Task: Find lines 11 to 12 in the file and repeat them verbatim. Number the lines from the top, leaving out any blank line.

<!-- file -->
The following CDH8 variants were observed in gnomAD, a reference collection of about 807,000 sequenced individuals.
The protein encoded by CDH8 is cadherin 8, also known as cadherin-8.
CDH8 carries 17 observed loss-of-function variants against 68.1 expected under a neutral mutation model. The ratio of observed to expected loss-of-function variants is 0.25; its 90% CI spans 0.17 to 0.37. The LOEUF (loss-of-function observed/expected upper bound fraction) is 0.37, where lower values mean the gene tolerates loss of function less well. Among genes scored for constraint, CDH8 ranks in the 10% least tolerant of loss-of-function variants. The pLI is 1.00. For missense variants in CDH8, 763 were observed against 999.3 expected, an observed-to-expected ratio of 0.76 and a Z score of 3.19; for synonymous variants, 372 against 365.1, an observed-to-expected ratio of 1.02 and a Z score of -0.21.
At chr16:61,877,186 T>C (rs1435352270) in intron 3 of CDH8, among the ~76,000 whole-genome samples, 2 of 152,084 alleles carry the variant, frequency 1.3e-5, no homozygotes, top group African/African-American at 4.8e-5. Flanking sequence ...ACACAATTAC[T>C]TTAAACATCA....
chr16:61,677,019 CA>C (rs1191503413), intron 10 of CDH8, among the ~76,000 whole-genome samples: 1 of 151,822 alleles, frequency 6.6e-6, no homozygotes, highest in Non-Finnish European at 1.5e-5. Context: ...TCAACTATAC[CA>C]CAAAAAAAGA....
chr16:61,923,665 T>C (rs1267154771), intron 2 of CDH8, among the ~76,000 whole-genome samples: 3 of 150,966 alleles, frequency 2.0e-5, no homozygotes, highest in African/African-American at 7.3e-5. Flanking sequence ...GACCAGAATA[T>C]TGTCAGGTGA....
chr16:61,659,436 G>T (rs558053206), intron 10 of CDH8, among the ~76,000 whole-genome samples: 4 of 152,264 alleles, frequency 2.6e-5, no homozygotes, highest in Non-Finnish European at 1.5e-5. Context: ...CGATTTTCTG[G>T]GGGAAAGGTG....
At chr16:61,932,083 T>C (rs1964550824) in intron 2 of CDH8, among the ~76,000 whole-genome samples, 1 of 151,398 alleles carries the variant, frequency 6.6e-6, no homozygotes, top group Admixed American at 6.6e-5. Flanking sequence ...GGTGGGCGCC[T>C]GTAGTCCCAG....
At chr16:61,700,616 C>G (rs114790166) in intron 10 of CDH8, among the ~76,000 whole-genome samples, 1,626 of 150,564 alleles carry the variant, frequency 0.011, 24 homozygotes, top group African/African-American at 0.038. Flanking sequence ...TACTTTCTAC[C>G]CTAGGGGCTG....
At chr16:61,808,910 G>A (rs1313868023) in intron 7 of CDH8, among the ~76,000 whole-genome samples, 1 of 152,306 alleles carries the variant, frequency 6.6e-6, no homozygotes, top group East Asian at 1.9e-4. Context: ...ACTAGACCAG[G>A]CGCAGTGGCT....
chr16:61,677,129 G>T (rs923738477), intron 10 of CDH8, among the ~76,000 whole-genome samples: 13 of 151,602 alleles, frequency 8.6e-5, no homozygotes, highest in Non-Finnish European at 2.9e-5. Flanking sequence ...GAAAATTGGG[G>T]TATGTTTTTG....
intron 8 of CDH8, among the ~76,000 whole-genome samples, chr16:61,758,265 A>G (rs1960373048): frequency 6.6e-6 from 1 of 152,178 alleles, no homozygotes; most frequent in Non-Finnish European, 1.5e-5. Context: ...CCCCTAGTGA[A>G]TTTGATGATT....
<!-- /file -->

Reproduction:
chr16:61,677,129 G>T (rs923738477), intron 10 of CDH8, among the ~76,000 whole-genome samples: 13 of 151,602 alleles, frequency 8.6e-5, no homozygotes, highest in Non-Finnish European at 2.9e-5. Flanking sequence ...GAAAATTGGG[G>T]TATGTTTTTG....
intron 8 of CDH8, among the ~76,000 whole-genome samples, chr16:61,758,265 A>G (rs1960373048): frequency 6.6e-6 from 1 of 152,178 alleles, no homozygotes; most frequent in Non-Finnish European, 1.5e-5. Context: ...CCCCTAGTGA[A>G]TTTGATGATT....